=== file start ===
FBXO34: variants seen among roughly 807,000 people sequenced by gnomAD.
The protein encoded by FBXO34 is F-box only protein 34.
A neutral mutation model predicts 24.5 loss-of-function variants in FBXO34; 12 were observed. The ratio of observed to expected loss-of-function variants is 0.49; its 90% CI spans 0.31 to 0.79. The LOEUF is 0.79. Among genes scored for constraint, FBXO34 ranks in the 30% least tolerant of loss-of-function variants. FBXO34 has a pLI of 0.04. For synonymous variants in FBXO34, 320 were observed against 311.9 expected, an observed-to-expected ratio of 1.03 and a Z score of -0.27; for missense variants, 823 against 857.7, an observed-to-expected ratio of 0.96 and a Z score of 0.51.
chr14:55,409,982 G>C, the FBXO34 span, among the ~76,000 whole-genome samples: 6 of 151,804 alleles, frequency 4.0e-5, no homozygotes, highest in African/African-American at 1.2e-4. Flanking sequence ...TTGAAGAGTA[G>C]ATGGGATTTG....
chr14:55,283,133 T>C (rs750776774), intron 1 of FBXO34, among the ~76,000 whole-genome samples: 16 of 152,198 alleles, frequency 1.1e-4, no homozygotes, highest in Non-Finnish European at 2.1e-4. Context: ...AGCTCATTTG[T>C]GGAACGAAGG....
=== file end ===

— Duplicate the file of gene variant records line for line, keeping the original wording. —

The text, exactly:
FBXO34: variants seen among roughly 807,000 people sequenced by gnomAD.
The protein encoded by FBXO34 is F-box only protein 34.
A neutral mutation model predicts 24.5 loss-of-function variants in FBXO34; 12 were observed. The ratio of observed to expected loss-of-function variants is 0.49; its 90% CI spans 0.31 to 0.79. The LOEUF is 0.79. Among genes scored for constraint, FBXO34 ranks in the 30% least tolerant of loss-of-function variants. FBXO34 has a pLI of 0.04. For synonymous variants in FBXO34, 320 were observed against 311.9 expected, an observed-to-expected ratio of 1.03 and a Z score of -0.27; for missense variants, 823 against 857.7, an observed-to-expected ratio of 0.96 and a Z score of 0.51.
chr14:55,409,982 G>C, the FBXO34 span, among the ~76,000 whole-genome samples: 6 of 151,804 alleles, frequency 4.0e-5, no homozygotes, highest in African/African-American at 1.2e-4. Flanking sequence ...TTGAAGAGTA[G>C]ATGGGATTTG....
chr14:55,283,133 T>C (rs750776774), intron 1 of FBXO34, among the ~76,000 whole-genome samples: 16 of 152,198 alleles, frequency 1.1e-4, no homozygotes, highest in Non-Finnish European at 2.1e-4. Context: ...AGCTCATTTG[T>C]GGAACGAAGG....